The Tree of Machine Learning Algorithms is a simplified schema to rationalize the types of learning paradigms used by categories of algorithms. Just as a tree’s branches grow stronger and wider with an expansive network of roots, the machine learning tree is strengthened using a network of data.
Data can be structured or unstructured, involve transactions or images, and even be generated by a sensor (like with the internet of things) or simple data entry. Data is everything, but not all data has the potential to provide business value. Discovery is the key process to help find, cleanse and curate data before sending it to machine learning algorithms.
There are three machine learning archetypes:
Unsupervised machine learning
This includes any algorithm where the learning model is only based on input data (X) and no corresponding output variables. The goal for unsupervised learning is to model the underlying structure or distribution in the data so you can learn more about the data. We call these “unsupervised learning”’ because there are no correct answers and there is no teacher. Algorithms are left to their own devices to discover and present the interesting structure in the data.
Supervised machine learning
If you have input variables (X) and an output variable (Y), and you use an algorithm to learn the mapping function from the input to the output, then you’re probably looking at supervised machine learning.
Y = f(X)
The goal is to approximate the mapping function so well that when you have new input data (X), you can predict the output variables (Y) for that data. It is called “supervised learning,” because the process of an algorithm learning from the training data set can be thought of as a teacher supervising the learning process. We know the correct answers, then the algorithm iteratively makes predictions on the training data and is corrected by the teacher. Learning stops when the algorithm achieves an acceptable level of performance.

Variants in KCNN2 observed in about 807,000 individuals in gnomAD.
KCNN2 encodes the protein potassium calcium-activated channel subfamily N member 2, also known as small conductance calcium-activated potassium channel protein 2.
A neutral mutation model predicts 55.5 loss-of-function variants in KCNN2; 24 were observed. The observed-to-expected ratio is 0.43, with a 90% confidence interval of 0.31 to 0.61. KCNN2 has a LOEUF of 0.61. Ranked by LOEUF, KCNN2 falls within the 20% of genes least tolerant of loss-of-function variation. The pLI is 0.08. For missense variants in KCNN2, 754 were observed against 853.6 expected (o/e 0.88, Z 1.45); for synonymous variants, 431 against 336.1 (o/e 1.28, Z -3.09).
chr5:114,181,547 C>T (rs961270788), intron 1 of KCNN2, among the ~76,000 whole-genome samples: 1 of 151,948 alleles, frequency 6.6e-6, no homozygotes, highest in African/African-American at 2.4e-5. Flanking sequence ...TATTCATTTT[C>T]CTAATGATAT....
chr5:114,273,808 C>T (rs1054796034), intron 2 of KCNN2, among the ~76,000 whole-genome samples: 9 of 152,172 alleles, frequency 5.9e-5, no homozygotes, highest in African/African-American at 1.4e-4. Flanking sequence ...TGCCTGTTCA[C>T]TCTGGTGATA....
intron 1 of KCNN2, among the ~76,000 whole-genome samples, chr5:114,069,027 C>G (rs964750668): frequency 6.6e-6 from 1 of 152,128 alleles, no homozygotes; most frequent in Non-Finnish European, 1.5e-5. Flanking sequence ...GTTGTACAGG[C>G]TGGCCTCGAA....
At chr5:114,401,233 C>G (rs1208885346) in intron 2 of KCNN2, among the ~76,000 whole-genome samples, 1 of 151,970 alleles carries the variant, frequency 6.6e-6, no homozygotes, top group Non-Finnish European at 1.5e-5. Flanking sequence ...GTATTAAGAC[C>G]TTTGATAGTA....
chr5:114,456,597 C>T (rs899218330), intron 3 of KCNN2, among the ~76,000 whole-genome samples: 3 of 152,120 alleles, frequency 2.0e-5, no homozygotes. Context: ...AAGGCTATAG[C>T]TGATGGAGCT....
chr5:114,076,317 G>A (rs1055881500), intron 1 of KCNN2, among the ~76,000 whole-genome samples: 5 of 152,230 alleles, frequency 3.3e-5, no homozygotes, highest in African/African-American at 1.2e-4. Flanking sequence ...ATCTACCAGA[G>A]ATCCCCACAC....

Reinforcement machine learning
This type of machine learning allows machines and software agents to automatically determine ideal behaviours within a specific context to maximize performance. For an agent to learn its behaviours, all that’s required is simple reward feedback. This category of algorithms shows great promise. It includes innovative technology like Q-learning — a model-free, reinforcement machine learning technique used to teach robots to pick up a device from a specific box and put it in a container. Whether it succeeds or fails, it memorizes the object, gains knowledge and trains itself to do this job with great speed and precision.
Deep learning is a subset of machine learning and covers all three paradigms using artificial neural networks (ANNs). ANNs are composed of multiple nodes that imitate the biological neurons of the human brain. The neurons are connected by links and interact with each other whilst the nodes can take input data and perform simple operations on the data. The result of these operations is passed to other neurons. The output at each node is called its ”activation value” or ”node value”. Each link is associated with a weight. ANNs are capable of learning, which takes place by altering weight values.
Convolutional neural networks are much like ordinary neural networks, but they are specialized to read images as input, so are used very successfully for image recognition.
So, there you have it: a brief voyage along the branches of the tree of machine learning. It may take some time for that tree to mature within your organization, but the results can be incredible.
Be sure to bookmark this page and refer to it to help drive your machine learning journey.